Since a lot of the money created by China was done in the latter part of 2012, and it usually takes about six months or a little longer to have an impact on the economy, we should start to see the effects sometime in the next couple of months.
"The strong credit supply and bank loans in the first four months of this year will be sufficient to support an economic recovery through the third quarter," said Ding Shuang, senior China economist at Citigroup Inc. in Hong Kong. "Financial risks may also rise."
This doesn't mean the Chinese economy is going to soar again, but that in the short-term, we could see the numbers look better. The point of this article, when looking at the data, is that China is probably slowing more than the numbers indicate. Using the current data and the disallowing of the effect of gold on the import numbers, the appearance of a temporary economic resurgence in China could be reported soon.
When you hear words from Premier Li Keqiang like the country wants to improve the quality of its economic growth, that's another way of saying China is going to slow down its expansion efforts. Most data are confirming this is already taking place, in spite of the ongoing loose money policy.
It looks like there could be a temporary uptick in the Chinese economy as stimulus efforts from the latter part of 2012 start to impact the economy, but that is likely to be subdued in the fourth quarter and afterwards. Low inflation is another reason that adds to the possibility of a short-term rise in outlook for China's economy.
Another key factor in the idea the Chinese economy is being rebalanced and slowing down is the apparent change in the policy of the Chinese towards the yuan.
The yuan has been climbing higher for some time, with the Chinese hinting it could allow for wider spreads going forward.
This is important because it also confirms the Chinese aren't attempting to shore up the manufacturing and export sectors as they have in the past. I say that because if they were concerned about exports, they wouldn't allow for a stronger yuan to emerge at this time. But since they have, it points to a reverse in monetary and economic policy.
As long as the U.S. dollar continues to rise in value, it would look like the boost in the yuan has little significance. But when the spread is widened - even if both currencies go up - the yuan would advance more, increasing the price of exports.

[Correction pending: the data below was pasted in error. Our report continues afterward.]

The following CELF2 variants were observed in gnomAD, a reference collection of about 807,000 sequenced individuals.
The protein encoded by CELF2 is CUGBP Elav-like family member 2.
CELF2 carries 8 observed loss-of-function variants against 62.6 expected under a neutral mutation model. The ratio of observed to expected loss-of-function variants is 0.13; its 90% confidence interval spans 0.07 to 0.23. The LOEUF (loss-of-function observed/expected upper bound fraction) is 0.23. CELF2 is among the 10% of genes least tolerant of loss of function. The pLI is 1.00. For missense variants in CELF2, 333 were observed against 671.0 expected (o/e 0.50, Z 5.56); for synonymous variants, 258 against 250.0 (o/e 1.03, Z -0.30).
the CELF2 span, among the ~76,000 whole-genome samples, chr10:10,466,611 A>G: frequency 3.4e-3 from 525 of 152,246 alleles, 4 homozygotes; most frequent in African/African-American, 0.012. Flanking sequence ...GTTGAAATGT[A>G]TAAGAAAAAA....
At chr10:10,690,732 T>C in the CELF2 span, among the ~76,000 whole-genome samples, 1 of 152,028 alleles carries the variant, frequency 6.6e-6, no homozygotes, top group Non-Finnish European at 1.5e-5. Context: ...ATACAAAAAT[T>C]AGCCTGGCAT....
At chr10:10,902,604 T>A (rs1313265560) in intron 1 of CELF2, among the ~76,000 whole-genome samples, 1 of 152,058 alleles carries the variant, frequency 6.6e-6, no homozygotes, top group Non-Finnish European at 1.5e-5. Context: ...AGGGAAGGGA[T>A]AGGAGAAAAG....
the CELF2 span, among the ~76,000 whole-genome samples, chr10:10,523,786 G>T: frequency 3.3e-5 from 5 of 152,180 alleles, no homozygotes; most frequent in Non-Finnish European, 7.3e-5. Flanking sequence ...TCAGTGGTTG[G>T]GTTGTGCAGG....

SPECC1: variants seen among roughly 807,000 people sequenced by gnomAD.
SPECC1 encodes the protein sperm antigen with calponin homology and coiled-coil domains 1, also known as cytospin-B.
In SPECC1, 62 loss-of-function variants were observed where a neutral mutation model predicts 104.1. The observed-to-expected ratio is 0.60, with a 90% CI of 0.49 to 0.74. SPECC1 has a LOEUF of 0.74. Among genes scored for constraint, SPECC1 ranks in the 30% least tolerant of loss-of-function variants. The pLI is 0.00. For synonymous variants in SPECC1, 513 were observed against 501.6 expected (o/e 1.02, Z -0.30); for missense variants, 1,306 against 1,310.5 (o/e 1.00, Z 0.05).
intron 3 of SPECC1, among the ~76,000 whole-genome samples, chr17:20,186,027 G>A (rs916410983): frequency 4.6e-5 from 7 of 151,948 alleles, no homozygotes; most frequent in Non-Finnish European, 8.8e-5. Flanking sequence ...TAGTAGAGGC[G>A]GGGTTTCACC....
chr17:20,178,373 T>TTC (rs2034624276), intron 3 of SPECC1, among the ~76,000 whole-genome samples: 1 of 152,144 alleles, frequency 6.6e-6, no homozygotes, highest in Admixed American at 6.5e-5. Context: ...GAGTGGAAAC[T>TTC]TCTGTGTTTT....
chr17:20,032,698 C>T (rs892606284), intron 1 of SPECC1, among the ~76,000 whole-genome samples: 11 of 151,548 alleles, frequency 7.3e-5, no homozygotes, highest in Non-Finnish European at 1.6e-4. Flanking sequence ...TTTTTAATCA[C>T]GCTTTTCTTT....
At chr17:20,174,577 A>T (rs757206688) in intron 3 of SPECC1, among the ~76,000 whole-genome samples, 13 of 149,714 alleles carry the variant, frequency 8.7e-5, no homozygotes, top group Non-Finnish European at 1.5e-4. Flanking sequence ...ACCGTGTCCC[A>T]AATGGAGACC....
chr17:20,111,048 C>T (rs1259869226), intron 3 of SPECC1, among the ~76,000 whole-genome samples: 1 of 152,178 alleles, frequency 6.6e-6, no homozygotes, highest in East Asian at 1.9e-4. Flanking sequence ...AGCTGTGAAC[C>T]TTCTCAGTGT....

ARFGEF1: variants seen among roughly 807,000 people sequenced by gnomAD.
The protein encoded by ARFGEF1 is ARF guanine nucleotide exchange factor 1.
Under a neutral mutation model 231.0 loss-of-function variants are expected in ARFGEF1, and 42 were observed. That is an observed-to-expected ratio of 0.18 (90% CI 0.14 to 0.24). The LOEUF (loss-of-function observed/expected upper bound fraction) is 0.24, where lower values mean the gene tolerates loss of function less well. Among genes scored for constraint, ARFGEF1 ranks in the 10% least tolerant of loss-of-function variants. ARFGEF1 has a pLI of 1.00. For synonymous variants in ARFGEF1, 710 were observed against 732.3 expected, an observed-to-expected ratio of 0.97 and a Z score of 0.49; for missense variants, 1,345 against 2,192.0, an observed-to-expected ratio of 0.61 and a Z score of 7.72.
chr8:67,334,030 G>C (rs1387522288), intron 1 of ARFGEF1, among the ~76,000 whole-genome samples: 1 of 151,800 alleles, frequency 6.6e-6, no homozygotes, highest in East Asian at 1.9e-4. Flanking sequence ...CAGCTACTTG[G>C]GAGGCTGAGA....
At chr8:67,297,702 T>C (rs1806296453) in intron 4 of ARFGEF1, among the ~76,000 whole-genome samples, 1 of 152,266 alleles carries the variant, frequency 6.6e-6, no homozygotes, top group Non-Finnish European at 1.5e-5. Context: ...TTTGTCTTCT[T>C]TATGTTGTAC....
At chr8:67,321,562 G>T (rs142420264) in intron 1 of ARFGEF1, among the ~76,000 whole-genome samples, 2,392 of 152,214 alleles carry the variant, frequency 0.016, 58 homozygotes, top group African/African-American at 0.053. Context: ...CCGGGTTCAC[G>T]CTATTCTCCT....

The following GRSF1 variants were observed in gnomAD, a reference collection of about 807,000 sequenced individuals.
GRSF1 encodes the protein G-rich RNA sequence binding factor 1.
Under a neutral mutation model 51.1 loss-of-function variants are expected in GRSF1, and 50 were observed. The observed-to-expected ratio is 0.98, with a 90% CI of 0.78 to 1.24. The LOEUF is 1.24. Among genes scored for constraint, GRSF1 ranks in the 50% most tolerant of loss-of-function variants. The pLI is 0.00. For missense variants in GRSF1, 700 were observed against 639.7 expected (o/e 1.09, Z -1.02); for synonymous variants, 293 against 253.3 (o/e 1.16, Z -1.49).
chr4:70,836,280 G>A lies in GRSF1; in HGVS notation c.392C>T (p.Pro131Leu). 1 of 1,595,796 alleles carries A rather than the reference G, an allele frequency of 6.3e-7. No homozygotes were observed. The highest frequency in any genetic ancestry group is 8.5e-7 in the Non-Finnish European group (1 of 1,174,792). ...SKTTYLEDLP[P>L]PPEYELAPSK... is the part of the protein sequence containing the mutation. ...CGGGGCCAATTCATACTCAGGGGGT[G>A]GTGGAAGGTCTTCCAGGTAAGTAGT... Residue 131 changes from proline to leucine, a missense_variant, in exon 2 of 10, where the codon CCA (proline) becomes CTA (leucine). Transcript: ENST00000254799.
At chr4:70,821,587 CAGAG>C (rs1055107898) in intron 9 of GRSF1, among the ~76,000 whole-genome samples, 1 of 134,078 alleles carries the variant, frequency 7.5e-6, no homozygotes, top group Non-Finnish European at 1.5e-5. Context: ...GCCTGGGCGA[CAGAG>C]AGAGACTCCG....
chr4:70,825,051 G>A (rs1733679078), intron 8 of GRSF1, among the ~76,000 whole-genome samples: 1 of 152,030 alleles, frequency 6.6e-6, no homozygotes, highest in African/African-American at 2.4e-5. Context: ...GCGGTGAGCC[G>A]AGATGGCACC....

The implications of a slowing Chinese economy aren't good when considering the importance China has played over the recent years in economic growth across a variety of sectors.
In the short term, China may offer a few surprises to the markets, as it could get a stimulus bump if the past performances are an indication of what's immediately ahead. Over the longer haul, China is going to be more challenging, as cooling off the economy is part of the goal of Chinese leaders. It's the pace of that cooling off that is being challenged in this article, not whether or not the country is cooling off, because it obviously is.
Chinese leaders are attempting to control the pace of the slowing economy, and some of that appears to be being done by perceptions manufactured by dubious data as part of that strategy.
For the rest of 2013 it looks like China may generate the appearance of a strengthening economy based upon lagging stimulus effects. But there is no doubt the economic policies of China have changed, and going forward China will grow at a slower pace.
For those wanting a portion of their portfolios in China, ADRs are probably the best way to go.
With the changing Chinese landscape, ADRs servicing the Chinese market itself may be the safest of the bunch, because of the consumer growth strategy now being implemented by the Chinese.
Since travel and internal energy are a big part of that, companies like China Eastern Airlines Corp. Ltd. (CEA), 51job Inc. (JOBS) and Yanzhou Coal Mining Co. Ltd. (YZC) are examples of ADRs that have growth potential.
Yanzhou Coal Mining recently plummeted in share price, and may be close to a good entry point. While coal has little room for growth in the U.S., contrary to some reports, China, while looking at cleaning up its energy house, is far from slowing down in coal demand. Yanzhou Coal is one company that will benefit from that.
Yanzhou Coal Mining
China Eastern Airlines has made a nice move since October 2012, and while leveling off over the last couple of months, should have plenty of room to move over time. The Chinese are just starting to get their traveling legs under them, and that growth will continue on for years.
China Eastern Airlines Corp.
Another Chinese company doing a good job lately has been 51job Inc., which has been on a tear since August. Waiting for a possible pullback may be the best choice here, as the entry point may be too high based upon how quickly it has run up. Sales for the company continue to grow, but earnings came under pressure in the last quarter.